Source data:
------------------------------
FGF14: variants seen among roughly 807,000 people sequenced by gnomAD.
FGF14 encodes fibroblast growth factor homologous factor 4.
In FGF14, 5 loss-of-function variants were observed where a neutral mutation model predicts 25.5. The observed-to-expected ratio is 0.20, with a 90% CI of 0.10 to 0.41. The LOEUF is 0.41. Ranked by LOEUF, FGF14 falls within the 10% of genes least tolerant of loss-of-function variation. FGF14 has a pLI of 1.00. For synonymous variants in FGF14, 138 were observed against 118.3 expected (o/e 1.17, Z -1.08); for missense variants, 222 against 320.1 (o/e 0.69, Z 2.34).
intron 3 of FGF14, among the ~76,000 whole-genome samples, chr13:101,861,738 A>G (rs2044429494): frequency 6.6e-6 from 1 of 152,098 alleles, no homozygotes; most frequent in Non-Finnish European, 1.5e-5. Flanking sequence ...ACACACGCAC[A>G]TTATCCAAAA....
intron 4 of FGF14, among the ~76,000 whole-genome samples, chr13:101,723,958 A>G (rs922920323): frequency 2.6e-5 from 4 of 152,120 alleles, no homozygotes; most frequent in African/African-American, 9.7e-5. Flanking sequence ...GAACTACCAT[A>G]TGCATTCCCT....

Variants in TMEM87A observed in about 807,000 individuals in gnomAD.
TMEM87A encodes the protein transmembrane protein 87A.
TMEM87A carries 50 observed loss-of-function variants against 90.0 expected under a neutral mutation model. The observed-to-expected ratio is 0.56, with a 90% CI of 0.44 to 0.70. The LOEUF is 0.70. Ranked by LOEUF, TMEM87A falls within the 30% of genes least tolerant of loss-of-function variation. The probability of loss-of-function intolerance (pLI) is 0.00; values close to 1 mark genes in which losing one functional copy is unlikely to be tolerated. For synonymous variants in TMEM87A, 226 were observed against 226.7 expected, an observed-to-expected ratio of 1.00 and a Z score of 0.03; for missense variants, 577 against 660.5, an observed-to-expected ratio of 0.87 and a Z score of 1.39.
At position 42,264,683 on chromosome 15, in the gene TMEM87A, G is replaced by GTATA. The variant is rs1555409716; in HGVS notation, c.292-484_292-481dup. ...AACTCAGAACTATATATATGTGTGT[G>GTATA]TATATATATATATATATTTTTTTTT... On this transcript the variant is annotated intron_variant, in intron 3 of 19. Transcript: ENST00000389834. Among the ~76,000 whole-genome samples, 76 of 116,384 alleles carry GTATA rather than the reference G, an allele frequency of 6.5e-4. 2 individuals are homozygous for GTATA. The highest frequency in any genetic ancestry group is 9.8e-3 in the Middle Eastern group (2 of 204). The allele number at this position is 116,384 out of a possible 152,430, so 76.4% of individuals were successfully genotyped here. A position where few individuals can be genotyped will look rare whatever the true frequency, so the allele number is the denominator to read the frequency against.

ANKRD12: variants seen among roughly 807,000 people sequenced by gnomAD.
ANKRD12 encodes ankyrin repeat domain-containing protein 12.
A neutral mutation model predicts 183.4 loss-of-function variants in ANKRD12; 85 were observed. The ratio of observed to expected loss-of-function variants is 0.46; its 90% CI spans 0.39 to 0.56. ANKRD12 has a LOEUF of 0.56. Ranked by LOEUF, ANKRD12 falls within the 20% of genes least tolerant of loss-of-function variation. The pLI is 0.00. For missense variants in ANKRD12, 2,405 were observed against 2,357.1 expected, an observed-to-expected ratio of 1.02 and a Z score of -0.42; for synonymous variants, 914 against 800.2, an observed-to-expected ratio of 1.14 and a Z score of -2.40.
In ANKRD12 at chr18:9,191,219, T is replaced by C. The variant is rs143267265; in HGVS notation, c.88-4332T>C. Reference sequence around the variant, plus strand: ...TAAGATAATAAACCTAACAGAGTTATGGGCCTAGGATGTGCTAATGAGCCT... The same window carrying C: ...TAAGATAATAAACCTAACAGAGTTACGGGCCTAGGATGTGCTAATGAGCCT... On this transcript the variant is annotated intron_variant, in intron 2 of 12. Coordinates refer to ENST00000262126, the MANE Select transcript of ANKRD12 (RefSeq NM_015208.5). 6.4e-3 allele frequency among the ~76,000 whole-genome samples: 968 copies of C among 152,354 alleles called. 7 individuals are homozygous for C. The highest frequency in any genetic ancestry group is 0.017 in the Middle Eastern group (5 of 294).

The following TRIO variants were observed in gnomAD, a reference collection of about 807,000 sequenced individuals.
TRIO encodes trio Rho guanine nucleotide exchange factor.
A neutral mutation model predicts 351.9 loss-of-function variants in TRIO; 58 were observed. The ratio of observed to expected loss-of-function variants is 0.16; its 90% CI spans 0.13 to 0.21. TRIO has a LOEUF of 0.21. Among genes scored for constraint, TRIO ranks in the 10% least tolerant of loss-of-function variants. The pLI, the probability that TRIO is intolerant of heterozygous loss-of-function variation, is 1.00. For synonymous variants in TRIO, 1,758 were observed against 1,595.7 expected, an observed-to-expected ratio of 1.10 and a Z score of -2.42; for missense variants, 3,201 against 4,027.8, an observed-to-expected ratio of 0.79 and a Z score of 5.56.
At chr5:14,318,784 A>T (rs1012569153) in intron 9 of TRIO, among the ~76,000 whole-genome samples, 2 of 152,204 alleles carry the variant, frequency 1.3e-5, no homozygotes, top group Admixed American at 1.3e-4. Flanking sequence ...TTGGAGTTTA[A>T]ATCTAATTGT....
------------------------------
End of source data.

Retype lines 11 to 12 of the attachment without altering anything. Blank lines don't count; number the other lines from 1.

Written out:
ANKRD12 encodes ankyrin repeat domain-containing protein 12.
A neutral mutation model predicts 183.4 loss-of-function variants in ANKRD12; 85 were observed. The ratio of observed to expected loss-of-function variants is 0.46; its 90% CI spans 0.39 to 0.56. ANKRD12 has a LOEUF of 0.56. Ranked by LOEUF, ANKRD12 falls within the 20% of genes least tolerant of loss-of-function variation. The pLI is 0.00. For missense variants in ANKRD12, 2,405 were observed against 2,357.1 expected, an observed-to-expected ratio of 1.02 and a Z score of -0.42; for synonymous variants, 914 against 800.2, an observed-to-expected ratio of 1.14 and a Z score of -2.40.